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Markéta Irglová Goes Solo with New Album, ‘Anar’

ON HER OWN: After singing with The Swell Season and Iron and Wine, the ingénue and co-star of the movie “Once” gets married and records a solo album in Chicago

Actress and singer Markéta Irglová
 

Whether catching our eyes as the ingénue in the 2007 indie film Once or our ears with her harmonies on the Oscar-winning song “Falling Softly,” Markéta Irglová has, until now, been heard largely in the company of other voices. She has most often appeared alongside Glen Hansard, who is her Once costar, the leader of their band The Swell Season, and her one-time boyfriend. “I was enjoying the dynamic of Glen taking the lead and me harmonizing and playing a few of my own songs,” says the 23-year-old native of the Czech Republic, who also sings with the group Iron and Wine. But courtesy of a cadre of local musicians and her new husband, Tim Iseler, a producer and sound engineer, Irglová is finally going solo. Recorded in Chicago last December and set for release October 11, her new album Anar (Anti-) follows her marriage this year to Iseler on the summer solstice. (The couple wed at the Cultural Center, then celebrated into the night at Schubas Tavern.)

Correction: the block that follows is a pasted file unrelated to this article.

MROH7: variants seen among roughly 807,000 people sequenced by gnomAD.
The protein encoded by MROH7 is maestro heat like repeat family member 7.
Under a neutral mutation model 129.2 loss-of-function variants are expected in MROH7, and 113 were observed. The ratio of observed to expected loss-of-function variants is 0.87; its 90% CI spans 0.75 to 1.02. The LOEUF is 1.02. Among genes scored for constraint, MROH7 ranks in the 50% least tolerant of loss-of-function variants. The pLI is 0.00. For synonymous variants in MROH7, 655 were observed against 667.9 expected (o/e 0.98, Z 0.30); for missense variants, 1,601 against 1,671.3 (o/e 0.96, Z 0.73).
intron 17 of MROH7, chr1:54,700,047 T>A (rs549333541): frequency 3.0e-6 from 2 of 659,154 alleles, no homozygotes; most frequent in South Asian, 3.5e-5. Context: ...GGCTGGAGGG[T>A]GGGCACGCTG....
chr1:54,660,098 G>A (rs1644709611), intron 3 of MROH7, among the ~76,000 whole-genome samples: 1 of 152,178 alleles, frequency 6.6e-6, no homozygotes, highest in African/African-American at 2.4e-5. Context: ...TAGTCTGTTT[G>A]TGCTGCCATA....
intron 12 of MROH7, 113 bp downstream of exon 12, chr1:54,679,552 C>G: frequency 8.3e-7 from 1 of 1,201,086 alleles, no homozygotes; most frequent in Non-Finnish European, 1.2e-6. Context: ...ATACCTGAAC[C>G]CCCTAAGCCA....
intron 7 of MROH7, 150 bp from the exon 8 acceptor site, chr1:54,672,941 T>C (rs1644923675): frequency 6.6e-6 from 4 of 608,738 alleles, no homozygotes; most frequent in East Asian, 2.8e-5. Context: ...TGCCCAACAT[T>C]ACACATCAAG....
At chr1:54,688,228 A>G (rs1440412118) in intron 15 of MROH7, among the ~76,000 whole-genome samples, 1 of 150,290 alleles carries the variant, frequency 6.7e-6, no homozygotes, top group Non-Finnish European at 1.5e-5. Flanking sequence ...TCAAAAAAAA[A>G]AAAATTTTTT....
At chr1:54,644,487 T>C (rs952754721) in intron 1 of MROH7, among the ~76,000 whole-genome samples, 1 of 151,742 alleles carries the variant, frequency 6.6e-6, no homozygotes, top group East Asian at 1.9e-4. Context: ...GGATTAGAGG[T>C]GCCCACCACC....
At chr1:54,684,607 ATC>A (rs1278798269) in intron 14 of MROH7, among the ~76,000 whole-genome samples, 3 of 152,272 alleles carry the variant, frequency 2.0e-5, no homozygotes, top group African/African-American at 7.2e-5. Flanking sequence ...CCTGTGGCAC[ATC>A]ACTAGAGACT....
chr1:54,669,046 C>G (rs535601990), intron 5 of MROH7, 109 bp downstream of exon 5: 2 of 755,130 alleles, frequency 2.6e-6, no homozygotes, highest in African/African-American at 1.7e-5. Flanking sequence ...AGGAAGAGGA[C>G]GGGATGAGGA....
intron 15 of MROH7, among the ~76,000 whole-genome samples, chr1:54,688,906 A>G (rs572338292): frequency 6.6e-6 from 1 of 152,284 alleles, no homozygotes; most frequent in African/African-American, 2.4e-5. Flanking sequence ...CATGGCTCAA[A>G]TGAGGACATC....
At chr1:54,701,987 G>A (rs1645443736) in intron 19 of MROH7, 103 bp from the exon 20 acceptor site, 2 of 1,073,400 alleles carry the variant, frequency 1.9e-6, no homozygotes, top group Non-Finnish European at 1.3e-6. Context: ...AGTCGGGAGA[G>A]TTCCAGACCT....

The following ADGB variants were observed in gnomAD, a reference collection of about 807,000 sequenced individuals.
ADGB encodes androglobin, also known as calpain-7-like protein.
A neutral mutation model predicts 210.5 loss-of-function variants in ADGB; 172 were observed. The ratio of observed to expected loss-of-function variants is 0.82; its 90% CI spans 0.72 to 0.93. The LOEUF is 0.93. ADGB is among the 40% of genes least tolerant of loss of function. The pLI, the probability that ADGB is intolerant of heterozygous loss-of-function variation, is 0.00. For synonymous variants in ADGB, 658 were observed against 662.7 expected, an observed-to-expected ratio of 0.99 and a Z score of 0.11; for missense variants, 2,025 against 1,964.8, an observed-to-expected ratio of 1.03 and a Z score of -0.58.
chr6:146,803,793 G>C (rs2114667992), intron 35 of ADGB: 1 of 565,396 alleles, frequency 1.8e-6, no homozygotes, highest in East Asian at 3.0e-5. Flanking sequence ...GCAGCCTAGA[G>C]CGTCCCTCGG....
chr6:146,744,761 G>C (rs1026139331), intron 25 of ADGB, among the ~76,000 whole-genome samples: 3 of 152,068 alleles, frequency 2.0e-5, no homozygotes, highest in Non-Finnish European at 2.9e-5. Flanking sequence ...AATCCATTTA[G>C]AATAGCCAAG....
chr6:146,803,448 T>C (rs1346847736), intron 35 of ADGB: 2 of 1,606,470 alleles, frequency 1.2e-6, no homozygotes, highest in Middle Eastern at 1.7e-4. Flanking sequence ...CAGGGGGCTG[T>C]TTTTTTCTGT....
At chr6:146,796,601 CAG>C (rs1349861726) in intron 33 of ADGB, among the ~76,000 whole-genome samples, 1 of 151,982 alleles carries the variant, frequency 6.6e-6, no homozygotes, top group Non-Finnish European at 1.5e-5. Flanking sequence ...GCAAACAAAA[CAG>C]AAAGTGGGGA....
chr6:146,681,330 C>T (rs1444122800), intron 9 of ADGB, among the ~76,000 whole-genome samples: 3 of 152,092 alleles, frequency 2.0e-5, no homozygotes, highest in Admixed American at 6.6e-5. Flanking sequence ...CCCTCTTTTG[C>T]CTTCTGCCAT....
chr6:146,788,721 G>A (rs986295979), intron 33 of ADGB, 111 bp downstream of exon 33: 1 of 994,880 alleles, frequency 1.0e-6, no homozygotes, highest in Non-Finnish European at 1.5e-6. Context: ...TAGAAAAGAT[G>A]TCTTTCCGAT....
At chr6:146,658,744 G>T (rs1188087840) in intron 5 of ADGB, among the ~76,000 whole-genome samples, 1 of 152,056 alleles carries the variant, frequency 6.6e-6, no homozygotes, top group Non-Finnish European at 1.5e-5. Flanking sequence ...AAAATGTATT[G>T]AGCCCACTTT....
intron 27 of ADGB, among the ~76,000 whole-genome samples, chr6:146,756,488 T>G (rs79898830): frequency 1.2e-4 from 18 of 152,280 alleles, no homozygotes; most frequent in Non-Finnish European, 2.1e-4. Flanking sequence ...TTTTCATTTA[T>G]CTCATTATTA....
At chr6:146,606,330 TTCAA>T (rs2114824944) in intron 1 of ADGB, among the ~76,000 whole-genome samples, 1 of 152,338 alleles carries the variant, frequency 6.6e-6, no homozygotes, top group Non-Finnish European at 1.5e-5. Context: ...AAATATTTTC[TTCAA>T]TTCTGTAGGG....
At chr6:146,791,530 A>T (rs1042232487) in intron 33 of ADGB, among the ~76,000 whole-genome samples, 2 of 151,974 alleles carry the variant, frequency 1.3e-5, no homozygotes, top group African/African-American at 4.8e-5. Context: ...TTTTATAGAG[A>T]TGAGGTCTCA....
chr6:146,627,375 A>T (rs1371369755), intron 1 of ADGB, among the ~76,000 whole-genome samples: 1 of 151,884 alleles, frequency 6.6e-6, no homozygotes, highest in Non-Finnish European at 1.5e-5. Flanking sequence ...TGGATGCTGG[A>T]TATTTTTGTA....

Markéta Irglová and John Travolta at the 2008 Oscars
Irglová at the Oscars in 2008

Irglová wrote Anar’s moody chamber-pop songs at her home in New York City during a break from touring with The Swell Season. “Once I opened myself to the idea of recording on my own, songs started coming easily, and I found myself sitting at the piano every day,” she says. While spending time in Chicago with Iseler, whom she knew through The Swell Season, Irglová decided to make the record at Soma Electronic Music Studios in Wicker Park, where he worked. A crew of local stalwarts accompany the classically trained Irglová’s reflective piano arpeggios and breathy coos and trills. Fred Lonberg-Holm improvised the haunting cello on the instrumental “Last Fall,” and trombonist Jeb Bishop and trumpeter Jaimie Branch upped the wrenching emotion of the soul ballad “For Old Times’ Sake,” which was inspired by the end of Irglová’s romance with Hansard.

As with “Falling Slowly,” Irglová’s crystalline voice sounds delicately lovely on much of the new album. But she also expresses a newfound urgency. “I’m more confident about what I do,” she says. “In the past couple years, I’ve come into my own.”

 

Photography: (Irglová) Sion Fullana; (Oscars) Mark J. Terrill/AP

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